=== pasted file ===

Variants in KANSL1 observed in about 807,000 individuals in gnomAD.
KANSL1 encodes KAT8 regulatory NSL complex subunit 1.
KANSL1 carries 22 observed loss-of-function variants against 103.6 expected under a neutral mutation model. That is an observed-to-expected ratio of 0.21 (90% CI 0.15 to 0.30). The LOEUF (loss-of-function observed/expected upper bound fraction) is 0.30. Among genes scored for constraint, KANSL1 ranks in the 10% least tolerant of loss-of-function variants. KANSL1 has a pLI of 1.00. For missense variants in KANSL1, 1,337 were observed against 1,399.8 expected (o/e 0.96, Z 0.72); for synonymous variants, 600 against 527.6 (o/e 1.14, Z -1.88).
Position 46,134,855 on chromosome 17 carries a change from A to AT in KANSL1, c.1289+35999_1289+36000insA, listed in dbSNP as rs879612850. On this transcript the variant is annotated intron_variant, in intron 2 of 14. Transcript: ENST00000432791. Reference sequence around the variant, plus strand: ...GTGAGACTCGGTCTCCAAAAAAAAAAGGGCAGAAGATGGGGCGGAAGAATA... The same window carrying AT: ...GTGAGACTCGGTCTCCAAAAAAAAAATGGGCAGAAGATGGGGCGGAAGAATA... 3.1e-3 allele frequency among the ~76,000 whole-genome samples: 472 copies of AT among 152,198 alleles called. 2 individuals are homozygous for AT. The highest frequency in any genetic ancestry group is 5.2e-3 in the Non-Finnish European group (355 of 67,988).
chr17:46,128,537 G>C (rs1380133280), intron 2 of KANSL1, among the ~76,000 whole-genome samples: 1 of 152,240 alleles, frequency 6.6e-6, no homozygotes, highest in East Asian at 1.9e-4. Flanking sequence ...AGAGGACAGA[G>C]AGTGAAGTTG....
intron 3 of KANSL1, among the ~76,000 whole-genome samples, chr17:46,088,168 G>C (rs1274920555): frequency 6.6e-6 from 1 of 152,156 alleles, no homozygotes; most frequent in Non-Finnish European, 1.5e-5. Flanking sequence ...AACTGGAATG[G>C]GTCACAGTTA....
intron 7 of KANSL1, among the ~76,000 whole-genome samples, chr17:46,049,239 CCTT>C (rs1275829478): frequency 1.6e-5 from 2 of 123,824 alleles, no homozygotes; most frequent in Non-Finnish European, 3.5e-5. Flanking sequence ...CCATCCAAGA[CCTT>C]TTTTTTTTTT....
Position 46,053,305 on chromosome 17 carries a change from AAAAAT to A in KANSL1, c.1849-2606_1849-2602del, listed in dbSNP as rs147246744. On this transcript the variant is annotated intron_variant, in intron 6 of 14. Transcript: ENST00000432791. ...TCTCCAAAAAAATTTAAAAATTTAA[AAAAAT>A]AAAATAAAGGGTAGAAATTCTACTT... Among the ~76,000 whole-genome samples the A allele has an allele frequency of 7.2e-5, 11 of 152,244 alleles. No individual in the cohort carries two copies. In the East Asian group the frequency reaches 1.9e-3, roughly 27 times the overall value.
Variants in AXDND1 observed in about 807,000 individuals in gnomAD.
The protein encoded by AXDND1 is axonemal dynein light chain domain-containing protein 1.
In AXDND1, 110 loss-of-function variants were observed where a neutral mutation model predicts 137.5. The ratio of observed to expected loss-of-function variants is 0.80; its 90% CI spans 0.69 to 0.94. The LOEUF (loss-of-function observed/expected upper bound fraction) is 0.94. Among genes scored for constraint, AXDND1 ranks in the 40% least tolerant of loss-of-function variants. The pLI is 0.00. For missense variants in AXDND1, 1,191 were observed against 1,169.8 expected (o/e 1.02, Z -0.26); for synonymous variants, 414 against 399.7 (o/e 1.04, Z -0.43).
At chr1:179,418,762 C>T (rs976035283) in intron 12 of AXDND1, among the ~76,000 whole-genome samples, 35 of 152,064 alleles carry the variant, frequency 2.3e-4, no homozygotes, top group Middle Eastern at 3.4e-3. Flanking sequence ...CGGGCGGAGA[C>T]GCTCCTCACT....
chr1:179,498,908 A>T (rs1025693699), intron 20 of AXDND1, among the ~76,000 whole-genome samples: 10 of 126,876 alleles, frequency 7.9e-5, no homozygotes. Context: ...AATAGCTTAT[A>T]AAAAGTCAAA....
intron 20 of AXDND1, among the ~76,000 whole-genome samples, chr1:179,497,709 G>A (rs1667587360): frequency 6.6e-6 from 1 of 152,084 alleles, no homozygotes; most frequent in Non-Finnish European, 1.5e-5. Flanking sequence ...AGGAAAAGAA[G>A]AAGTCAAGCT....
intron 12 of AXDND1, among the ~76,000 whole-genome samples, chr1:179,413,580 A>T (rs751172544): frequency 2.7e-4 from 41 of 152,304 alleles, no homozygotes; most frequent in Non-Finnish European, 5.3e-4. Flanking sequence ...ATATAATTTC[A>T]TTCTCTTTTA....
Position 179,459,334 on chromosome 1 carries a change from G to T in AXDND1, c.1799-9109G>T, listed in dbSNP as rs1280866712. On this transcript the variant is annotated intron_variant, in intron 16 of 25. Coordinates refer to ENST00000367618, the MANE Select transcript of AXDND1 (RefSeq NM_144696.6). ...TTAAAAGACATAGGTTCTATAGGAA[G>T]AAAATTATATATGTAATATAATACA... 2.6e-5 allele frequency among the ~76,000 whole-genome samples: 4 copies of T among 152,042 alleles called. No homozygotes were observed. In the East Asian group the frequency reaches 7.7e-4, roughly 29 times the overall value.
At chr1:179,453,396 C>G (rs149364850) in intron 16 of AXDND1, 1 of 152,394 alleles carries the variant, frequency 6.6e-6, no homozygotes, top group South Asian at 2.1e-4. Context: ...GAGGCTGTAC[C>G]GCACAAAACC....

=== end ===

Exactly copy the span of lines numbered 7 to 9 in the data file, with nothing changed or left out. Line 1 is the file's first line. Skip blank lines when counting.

intron 7 of KANSL1, among the ~76,000 whole-genome samples, chr17:46,049,239 CCTT>C (rs1275829478): frequency 1.6e-5 from 2 of 123,824 alleles, no homozygotes; most frequent in Non-Finnish European, 3.5e-5. Flanking sequence ...CCATCCAAGA[CCTT>C]TTTTTTTTTT....
Position 46,053,305 on chromosome 17 carries a change from AAAAAT to A in KANSL1, c.1849-2606_1849-2602del, listed in dbSNP as rs147246744. On this transcript the variant is annotated intron_variant, in intron 6 of 14. Transcript: ENST00000432791. ...TCTCCAAAAAAATTTAAAAATTTAA[AAAAAT>A]AAAATAAAGGGTAGAAATTCTACTT... Among the ~76,000 whole-genome samples the A allele has an allele frequency of 7.2e-5, 11 of 152,244 alleles. No individual in the cohort carries two copies. In the East Asian group the frequency reaches 1.9e-3, roughly 27 times the overall value.
Variants in AXDND1 observed in about 807,000 individuals in gnomAD.